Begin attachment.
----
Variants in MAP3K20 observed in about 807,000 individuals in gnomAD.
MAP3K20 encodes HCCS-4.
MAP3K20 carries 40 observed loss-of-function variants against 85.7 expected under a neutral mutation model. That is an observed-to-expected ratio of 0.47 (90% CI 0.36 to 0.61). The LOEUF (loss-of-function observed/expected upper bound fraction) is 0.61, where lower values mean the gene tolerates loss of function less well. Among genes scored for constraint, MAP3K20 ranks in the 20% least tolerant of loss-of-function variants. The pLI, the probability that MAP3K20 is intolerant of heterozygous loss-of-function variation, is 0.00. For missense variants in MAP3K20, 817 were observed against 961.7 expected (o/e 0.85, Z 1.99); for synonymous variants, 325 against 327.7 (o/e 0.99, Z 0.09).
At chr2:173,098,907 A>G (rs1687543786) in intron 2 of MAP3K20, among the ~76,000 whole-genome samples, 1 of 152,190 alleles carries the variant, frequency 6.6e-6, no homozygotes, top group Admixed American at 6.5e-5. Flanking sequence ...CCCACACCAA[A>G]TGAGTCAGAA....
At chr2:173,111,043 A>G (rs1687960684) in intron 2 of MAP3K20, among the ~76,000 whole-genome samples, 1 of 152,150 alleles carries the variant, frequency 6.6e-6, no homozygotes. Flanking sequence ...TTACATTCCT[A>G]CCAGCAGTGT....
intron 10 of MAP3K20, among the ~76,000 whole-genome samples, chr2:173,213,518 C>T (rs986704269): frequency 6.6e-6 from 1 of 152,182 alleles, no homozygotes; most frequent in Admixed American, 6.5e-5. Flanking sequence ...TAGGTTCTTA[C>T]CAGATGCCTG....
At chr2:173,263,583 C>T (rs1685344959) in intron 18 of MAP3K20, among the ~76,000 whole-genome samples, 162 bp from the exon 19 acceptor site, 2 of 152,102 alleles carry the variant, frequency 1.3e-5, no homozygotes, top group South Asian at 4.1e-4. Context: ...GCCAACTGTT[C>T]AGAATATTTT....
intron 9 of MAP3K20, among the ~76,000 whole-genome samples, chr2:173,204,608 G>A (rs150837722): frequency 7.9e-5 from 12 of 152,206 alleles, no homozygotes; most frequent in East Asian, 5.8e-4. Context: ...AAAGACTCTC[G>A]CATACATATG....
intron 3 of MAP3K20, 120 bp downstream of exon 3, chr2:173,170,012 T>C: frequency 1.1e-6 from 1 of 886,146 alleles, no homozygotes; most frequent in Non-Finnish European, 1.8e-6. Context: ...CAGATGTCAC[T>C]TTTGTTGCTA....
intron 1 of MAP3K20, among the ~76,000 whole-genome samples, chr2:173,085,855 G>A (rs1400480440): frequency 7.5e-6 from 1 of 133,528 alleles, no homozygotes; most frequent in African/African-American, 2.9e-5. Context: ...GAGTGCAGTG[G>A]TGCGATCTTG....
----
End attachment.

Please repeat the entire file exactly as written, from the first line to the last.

Variants in MAP3K20 observed in about 807,000 individuals in gnomAD.
MAP3K20 encodes HCCS-4.
MAP3K20 carries 40 observed loss-of-function variants against 85.7 expected under a neutral mutation model. That is an observed-to-expected ratio of 0.47 (90% CI 0.36 to 0.61). The LOEUF (loss-of-function observed/expected upper bound fraction) is 0.61, where lower values mean the gene tolerates loss of function less well. Among genes scored for constraint, MAP3K20 ranks in the 20% least tolerant of loss-of-function variants. The pLI, the probability that MAP3K20 is intolerant of heterozygous loss-of-function variation, is 0.00. For missense variants in MAP3K20, 817 were observed against 961.7 expected (o/e 0.85, Z 1.99); for synonymous variants, 325 against 327.7 (o/e 0.99, Z 0.09).
At chr2:173,098,907 A>G (rs1687543786) in intron 2 of MAP3K20, among the ~76,000 whole-genome samples, 1 of 152,190 alleles carries the variant, frequency 6.6e-6, no homozygotes, top group Admixed American at 6.5e-5. Flanking sequence ...CCCACACCAA[A>G]TGAGTCAGAA....
At chr2:173,111,043 A>G (rs1687960684) in intron 2 of MAP3K20, among the ~76,000 whole-genome samples, 1 of 152,150 alleles carries the variant, frequency 6.6e-6, no homozygotes. Flanking sequence ...TTACATTCCT[A>G]CCAGCAGTGT....
intron 10 of MAP3K20, among the ~76,000 whole-genome samples, chr2:173,213,518 C>T (rs986704269): frequency 6.6e-6 from 1 of 152,182 alleles, no homozygotes; most frequent in Admixed American, 6.5e-5. Flanking sequence ...TAGGTTCTTA[C>T]CAGATGCCTG....
At chr2:173,263,583 C>T (rs1685344959) in intron 18 of MAP3K20, among the ~76,000 whole-genome samples, 162 bp from the exon 19 acceptor site, 2 of 152,102 alleles carry the variant, frequency 1.3e-5, no homozygotes, top group South Asian at 4.1e-4. Context: ...GCCAACTGTT[C>T]AGAATATTTT....
intron 9 of MAP3K20, among the ~76,000 whole-genome samples, chr2:173,204,608 G>A (rs150837722): frequency 7.9e-5 from 12 of 152,206 alleles, no homozygotes; most frequent in East Asian, 5.8e-4. Context: ...AAAGACTCTC[G>A]CATACATATG....
intron 3 of MAP3K20, 120 bp downstream of exon 3, chr2:173,170,012 T>C: frequency 1.1e-6 from 1 of 886,146 alleles, no homozygotes; most frequent in Non-Finnish European, 1.8e-6. Context: ...CAGATGTCAC[T>C]TTTGTTGCTA....
intron 1 of MAP3K20, among the ~76,000 whole-genome samples, chr2:173,085,855 G>A (rs1400480440): frequency 7.5e-6 from 1 of 133,528 alleles, no homozygotes; most frequent in African/African-American, 2.9e-5. Context: ...GAGTGCAGTG[G>A]TGCGATCTTG....